|Small values in large registers (char,short,...) firstname.lastname@example.org (Jakob Engblom) (1997-12-02)|
|Re: Small values in large registers (char,short,...) email@example.com (Henry Spencer) (1997-12-05)|
|Re: Small values in large registers (char,short,...) firstname.lastname@example.org (1997-12-07)|
|From:||"Jakob Engblom" <email@example.com>|
|Date:||2 Dec 1997 12:08:31 -0500|
|Keywords:||code, architecture, question|
|Comments:||Authenticated sender is <firstname.lastname@example.org>|
I am presently investigating implementating a C compiler for a "pure"
32-bit architecture. A problem which I have found is that when you
store chars and shorts (8 and 16 bit values) in the 32-bit registers,
you will have to look out for overflows in certain situations.
In most cases, you can simply go ahead and calculate as ordinary
without worrying: an add is still an add, and any garbage in the high
bits can be safely ignored, as long as they are masked before storing
back into memory in some place.
So far, I have identified the following problematic areas:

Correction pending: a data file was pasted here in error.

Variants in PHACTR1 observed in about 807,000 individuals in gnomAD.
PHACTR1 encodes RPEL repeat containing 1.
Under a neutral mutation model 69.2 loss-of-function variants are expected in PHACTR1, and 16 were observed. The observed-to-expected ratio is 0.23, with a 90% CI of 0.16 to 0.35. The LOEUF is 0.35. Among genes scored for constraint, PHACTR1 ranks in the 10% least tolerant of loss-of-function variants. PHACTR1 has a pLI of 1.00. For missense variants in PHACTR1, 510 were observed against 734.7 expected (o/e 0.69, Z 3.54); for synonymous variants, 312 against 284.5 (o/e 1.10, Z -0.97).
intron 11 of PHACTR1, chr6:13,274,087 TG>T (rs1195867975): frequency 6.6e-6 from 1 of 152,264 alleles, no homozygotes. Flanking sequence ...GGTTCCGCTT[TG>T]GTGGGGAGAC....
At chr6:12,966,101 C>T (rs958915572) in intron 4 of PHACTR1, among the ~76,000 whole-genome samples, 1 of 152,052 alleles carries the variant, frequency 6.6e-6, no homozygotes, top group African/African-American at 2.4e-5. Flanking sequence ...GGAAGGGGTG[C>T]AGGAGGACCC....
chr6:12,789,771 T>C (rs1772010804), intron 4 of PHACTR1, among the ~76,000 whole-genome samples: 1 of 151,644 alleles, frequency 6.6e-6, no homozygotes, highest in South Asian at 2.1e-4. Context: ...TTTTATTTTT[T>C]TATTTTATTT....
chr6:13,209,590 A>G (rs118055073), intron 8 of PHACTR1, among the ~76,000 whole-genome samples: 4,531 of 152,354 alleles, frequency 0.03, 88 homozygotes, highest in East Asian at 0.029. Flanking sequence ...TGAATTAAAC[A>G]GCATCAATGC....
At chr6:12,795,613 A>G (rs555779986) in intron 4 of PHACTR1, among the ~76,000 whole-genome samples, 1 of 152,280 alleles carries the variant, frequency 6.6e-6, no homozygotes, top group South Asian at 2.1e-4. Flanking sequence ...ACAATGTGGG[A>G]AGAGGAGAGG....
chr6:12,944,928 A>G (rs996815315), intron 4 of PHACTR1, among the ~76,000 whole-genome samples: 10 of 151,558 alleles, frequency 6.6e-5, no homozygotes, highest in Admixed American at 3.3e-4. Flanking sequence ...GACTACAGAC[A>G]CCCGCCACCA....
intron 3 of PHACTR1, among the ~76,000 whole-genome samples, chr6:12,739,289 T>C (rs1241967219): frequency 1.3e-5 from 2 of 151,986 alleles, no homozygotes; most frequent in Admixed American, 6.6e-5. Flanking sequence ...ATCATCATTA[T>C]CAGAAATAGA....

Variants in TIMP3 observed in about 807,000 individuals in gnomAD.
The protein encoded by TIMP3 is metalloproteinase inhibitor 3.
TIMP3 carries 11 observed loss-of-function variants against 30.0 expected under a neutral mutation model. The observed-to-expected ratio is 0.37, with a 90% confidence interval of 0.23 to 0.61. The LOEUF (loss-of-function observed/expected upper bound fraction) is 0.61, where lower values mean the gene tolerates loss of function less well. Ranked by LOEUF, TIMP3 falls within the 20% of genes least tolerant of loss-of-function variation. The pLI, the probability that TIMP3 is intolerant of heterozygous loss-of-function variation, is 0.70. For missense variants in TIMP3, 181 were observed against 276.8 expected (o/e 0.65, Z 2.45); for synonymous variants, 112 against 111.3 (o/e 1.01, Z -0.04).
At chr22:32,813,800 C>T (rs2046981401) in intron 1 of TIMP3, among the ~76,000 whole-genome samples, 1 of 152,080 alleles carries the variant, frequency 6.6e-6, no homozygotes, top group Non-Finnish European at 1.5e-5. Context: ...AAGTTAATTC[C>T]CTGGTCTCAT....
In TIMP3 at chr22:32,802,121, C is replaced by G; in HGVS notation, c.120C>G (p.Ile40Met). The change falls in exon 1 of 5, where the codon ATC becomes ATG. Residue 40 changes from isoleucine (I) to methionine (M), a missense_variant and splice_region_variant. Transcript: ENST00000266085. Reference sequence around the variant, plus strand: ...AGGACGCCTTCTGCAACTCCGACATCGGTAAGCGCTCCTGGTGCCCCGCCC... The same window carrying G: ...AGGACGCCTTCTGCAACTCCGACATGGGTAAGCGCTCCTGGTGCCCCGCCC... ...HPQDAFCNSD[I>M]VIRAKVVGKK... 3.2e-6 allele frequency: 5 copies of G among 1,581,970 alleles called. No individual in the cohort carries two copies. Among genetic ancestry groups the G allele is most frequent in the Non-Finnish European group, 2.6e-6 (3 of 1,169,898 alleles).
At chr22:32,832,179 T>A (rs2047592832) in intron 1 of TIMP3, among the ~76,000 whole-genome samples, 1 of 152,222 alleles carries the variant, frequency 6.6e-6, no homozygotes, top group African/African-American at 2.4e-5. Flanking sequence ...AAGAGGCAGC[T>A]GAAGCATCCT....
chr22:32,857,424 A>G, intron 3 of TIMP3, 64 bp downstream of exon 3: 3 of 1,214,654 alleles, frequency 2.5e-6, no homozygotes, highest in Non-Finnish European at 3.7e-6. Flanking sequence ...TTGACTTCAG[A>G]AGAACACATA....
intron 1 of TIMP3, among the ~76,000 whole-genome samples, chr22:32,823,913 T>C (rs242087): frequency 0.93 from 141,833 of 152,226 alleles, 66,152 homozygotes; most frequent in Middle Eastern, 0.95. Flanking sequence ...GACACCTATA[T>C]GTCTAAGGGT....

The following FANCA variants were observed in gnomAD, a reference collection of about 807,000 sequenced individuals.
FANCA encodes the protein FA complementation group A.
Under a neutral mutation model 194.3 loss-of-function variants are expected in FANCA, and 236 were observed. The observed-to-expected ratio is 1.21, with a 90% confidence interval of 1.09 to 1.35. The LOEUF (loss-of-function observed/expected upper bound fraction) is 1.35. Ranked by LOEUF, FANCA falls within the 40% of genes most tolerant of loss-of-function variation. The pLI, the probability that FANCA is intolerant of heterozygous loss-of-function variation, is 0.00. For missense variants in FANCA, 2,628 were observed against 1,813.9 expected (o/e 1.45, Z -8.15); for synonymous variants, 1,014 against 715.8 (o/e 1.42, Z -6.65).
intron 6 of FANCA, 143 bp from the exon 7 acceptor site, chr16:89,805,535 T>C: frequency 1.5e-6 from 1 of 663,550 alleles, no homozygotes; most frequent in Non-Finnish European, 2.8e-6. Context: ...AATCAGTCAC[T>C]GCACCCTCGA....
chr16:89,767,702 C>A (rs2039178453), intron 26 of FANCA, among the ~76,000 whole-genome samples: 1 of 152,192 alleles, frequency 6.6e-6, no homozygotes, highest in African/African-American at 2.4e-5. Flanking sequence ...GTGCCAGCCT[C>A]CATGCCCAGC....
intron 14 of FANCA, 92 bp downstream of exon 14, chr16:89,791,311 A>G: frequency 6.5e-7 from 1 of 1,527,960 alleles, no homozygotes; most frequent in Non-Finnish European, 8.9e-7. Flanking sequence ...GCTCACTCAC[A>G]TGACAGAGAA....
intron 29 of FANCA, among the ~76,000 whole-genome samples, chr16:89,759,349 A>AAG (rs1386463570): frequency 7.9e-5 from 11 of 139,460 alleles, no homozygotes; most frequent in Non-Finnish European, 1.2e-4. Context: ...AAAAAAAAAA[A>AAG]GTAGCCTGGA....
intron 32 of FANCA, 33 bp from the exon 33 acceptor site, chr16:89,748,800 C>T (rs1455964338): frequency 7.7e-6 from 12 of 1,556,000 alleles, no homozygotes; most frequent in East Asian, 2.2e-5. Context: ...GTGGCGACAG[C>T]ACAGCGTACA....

* Arithmetic operations which do not distribute with modulo.
(char arithmetic can be considered to be ordinary arithmetic modulo
256). Typical examples are right shift and division.
For example. (x DIV y)%256 != (x % 256) DIV (y % 256)
try x=256, y=16: the first op gives 16, the second 0.
Note that 256 is not a valid char value, and this the
WHEN DO YOU HAVE TO MASK AWAY EXCESS BITS (or signextend)?
A few more examples of problematic situations follow below:
In tests, the wraparound effect in chars should work as expected.
r = 0x80 t=0x01
s = 0x81 u=0x00
r+s = 0x101 u+t=0x01
r+s == u+t is NOT true. Which it should be.
* Array indexing.
a[r] ... if r is in a register a little to big, indexing
by a CHAR value can lead to index values of 500 or so... not
Note that this is not a problem on architectures like the 68k, where
there are dedicated byte, word and long operations. On the other
hand, on the SPARC, there is a problem.
Some experimentation with gcc and cc for SPARC showed that there
seems to be at least two different tactics:
- mask after EVERY operation, to keep the value within bounds.
- mask before dangerous operations.
My main question: are there any good books, articles, or common
knowledge regarding this question? Most compiler literature I have
seen is either too old or deal with too high-level issues to care
about this "simple" problem.
Grateful for all help I can get!
Jakob Engblom, System Developer & PhD Student
IAR Systems, Uppsala, Sweden
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